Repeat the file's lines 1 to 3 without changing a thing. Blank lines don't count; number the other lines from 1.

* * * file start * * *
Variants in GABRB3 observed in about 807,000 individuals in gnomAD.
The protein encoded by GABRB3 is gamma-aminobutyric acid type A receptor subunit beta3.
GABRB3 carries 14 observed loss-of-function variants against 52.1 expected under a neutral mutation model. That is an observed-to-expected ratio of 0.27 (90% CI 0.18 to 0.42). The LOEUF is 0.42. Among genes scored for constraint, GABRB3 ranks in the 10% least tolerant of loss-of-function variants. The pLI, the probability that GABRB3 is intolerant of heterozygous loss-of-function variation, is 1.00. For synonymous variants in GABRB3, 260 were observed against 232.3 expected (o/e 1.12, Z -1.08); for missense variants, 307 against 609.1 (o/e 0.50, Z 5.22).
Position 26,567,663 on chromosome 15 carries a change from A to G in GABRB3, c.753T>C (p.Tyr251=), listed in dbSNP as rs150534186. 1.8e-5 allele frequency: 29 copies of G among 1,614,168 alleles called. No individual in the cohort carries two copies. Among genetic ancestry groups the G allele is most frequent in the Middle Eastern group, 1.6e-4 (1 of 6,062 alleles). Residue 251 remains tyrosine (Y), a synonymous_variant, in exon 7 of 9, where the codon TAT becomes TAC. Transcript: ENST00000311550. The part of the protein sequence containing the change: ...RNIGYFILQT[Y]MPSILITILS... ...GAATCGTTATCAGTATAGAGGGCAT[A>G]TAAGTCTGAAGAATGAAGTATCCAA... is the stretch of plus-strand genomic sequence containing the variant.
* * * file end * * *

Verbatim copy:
Variants in GABRB3 observed in about 807,000 individuals in gnomAD.
The protein encoded by GABRB3 is gamma-aminobutyric acid type A receptor subunit beta3.
GABRB3 carries 14 observed loss-of-function variants against 52.1 expected under a neutral mutation model. That is an observed-to-expected ratio of 0.27 (90% CI 0.18 to 0.42). The LOEUF is 0.42. Among genes scored for constraint, GABRB3 ranks in the 10% least tolerant of loss-of-function variants. The pLI, the probability that GABRB3 is intolerant of heterozygous loss-of-function variation, is 1.00. For synonymous variants in GABRB3, 260 were observed against 232.3 expected (o/e 1.12, Z -1.08); for missense variants, 307 against 609.1 (o/e 0.50, Z 5.22).